Use Real People

Think of your favorite writers. You’ve probably seen their photos and heard them speak. Likewise, people need to see and hear your employees, so use pictures, audio and video. This will bring your audience closer to your brand.

Jakob Nielsen has studied people’s reactions to images online. He used eye-tracking software to discover that people ignore images that seem decorative, random or generic. They even ignore generic images of people. But when they come across a photo of a “real” person, they engage with it for a longer time.

People prefer to get involved with a company with which they feel a personal connection. But introduce your employees gradually; as with any story, introduce too many characters too early and you’ll confuse your audience.

Summary

Develop a compelling tone of voice. Don’t assume that anyone can write amazing copy, because they can’t. If you want the best content, then you need the best writers and thinkers.

Produce something informative that people will want to read. Give your brand a personality and your business will benefit across the board, from recruitment to sales. Warren Buffett looks for businesses protected by “unbreachable moats,” and no moat is more unbreachable than a brand with a story, ideas and opinions.

(al) (il)

© Craig Anderson for Smashing Magazine, 2012.

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Today's collection of independent game links includes more indie game previews, a couple of development updates, and the usual round-up of interviews with developers from around the 'net. (image source).

DIYGamer: Phil Fish Interview
"Fez designer Phil Fish was at GameCity festival to let the groups of the public have an exclusive early hands on with his game, and I grabbed him for a quick chat too. Here's how the conversation went down."

Edge: Retooling Joe Danger for XBLA
"We caught up with Hello Games managing director Sean Murray to find out what it's like to work with Sony and Microsoft, and whether his previous description of XBLA as a 'slaughterhouse' for small developers still stands."

Gamasutra: How to Get Media Coverage for Your Game
"We get a lot of emails from people who want some advice about video game PR. There's some value in sharing years and years of expertise for free, and in this case, we'll offer a bit of insight into how you should go about getting media coverage for your video game."

Fire Hose Games: Anthony Carboni on the IGF and GDC
"Last year CEO and creator of ByteJacker, Anthony Carboni, hosted the Independent Games Festival. Anthony was able to give us a bit of his time and tell us about his experience as a host at last year's festival."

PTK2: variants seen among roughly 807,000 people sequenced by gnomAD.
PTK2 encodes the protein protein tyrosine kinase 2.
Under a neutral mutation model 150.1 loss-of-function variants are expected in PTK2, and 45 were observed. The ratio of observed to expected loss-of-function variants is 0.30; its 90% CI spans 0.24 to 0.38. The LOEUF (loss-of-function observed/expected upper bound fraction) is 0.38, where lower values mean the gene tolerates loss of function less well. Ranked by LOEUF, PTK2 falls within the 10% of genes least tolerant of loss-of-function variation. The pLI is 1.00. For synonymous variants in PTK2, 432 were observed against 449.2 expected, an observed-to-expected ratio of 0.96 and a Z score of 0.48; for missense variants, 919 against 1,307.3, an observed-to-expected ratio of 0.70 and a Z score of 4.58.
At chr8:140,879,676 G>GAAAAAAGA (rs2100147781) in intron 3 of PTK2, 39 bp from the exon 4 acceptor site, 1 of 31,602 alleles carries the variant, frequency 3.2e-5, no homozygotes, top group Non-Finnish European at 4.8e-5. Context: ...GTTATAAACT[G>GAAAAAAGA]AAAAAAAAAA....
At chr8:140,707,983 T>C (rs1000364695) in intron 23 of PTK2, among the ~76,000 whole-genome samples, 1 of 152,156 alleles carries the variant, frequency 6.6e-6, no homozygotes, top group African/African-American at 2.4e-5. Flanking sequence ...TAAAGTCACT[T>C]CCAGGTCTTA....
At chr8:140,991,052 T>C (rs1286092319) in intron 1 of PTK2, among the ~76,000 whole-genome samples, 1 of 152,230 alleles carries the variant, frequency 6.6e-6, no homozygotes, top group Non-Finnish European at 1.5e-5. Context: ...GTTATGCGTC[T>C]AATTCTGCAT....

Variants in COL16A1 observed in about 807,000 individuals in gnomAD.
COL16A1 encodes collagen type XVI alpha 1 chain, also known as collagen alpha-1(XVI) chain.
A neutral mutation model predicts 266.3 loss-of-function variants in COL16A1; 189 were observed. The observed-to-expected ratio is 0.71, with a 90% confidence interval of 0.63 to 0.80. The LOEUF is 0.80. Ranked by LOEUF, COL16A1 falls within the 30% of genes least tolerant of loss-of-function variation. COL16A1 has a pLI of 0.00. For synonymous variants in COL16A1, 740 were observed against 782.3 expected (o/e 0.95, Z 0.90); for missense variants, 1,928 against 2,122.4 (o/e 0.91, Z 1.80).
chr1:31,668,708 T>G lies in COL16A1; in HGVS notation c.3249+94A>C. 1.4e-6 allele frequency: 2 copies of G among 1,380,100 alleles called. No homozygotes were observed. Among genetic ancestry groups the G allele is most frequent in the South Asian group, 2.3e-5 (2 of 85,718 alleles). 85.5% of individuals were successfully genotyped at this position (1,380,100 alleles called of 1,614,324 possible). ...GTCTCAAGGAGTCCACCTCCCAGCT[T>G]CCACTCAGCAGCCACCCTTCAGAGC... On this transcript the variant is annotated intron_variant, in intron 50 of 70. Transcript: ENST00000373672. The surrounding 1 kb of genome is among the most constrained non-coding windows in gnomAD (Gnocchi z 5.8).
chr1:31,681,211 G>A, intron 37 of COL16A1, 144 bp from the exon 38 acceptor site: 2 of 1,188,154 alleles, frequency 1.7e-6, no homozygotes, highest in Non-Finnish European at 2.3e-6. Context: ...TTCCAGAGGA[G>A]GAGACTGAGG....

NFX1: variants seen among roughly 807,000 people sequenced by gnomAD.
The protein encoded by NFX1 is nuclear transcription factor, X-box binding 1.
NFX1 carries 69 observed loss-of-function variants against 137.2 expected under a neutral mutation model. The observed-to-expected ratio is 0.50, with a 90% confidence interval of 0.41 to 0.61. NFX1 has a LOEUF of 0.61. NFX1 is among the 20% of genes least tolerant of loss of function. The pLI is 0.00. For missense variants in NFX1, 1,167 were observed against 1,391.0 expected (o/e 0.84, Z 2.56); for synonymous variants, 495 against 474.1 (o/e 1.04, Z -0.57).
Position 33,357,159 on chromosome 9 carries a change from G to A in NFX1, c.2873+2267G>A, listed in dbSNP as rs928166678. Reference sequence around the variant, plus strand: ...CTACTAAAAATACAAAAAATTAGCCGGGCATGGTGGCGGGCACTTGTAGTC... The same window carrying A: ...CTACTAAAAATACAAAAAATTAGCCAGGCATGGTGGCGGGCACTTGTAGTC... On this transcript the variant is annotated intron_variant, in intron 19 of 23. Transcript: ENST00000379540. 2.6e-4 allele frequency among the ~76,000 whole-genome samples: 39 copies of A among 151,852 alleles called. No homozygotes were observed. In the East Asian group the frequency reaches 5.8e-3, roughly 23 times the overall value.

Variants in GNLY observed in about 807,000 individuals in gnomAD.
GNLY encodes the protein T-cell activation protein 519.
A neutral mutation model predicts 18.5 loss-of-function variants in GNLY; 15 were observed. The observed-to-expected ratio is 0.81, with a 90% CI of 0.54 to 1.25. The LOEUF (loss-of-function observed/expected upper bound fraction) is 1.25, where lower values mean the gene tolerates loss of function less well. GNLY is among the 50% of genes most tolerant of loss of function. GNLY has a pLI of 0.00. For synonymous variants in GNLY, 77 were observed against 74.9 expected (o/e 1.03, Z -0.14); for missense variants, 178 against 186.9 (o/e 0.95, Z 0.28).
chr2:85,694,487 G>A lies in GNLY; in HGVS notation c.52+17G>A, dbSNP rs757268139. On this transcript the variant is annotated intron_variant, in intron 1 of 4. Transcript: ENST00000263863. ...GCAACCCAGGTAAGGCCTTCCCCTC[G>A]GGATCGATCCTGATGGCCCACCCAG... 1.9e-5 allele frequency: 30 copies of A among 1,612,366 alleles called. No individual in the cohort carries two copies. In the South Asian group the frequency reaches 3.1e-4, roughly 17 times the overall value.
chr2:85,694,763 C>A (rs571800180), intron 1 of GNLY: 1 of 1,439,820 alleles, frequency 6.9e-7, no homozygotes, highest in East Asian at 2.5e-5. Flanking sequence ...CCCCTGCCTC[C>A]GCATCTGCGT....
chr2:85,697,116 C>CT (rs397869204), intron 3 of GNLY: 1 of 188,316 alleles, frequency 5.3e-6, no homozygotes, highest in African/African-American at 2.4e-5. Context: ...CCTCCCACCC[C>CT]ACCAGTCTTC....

Quote Unquote: Interviews & Quotes, one Indie Developer at a time
"When I began these interviews, all I wanted to do was get some words of insight out of a few independent videogame developers that weren't known to put many of their own words 'out there'. I wanted these interviews to be entertaining, insightful, inspiring and educational."

DIYGamer: Are Bundles the Future of Indie Game Distribution?
"Over the last couple years the 'bundle' idea has grown from that quirky but awesome thing the guys at Wolfire started with the Humble Indie Bundle into a full on business platform created by the guys at UBM Techweb (owners of Gamasutra, IndieGames.com) and Desura (owners of ModDB, IndieDB and Desura). In between them lie a dozen other 'bundles' that we've seen come and go either successful or unsuccessful."

The Joystiq Indie Pitch: A Valley Without Wind
"We believe no one deserves to starve, and many indie developers are entitled to a fridge full of tasty, fulfilling media coverage, right here. This week, CEO and lead programmer for Arcen Games, Chris Park, talks innovation, ghosts and game creation in A Valley Without Wind."

TruePCGaming: InMomentum Interview
"The fine gents at Digital Arrow, developers of the indie hit, InMomentum, took time out of their day to participate in this e-mail interview with TPG. You will get their take on the current PC gaming landscape, development of InMomentum and life as an independent PC developer."

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Today's collection of independent game links includes more indie game previews, a couple of development updates, and the usual round-up of interviews with developers from around the 'net. (image source).

Quote Unquote: cactus Interview
"cactus is an independent videogame developer from Sweden. He is what you might call royalty within the independent gaming community. He made a name for himself by releasing many small, surreal, play-against-expectation, experimental videogames."

DIYGamer: A Chat with Joakim Sandberg
"We bring you a full on interview with Joakim Sandberg, the fellow behind Konjak. At the time of the interview I was high on The Iconoclasts so that's what I mainly questioned him about and we covered a lot of topics: his recent IGF submission, future updates for the game, release strategy, etc."

Games On Net: A Legend of Grimrock Interview
"Many of you might be too young to remember 1987's Dungeon Master, but the people at small Finnish developers Almost Human do remember it - and they're bringing the first-person dungeon-crawl back with their upcoming title Legend of Grimrock. We sat down with Juho Salila, the graphical artist on the team, to find out more."

MyGaming: Desktop Dungeons creator Rodain Joubert Interview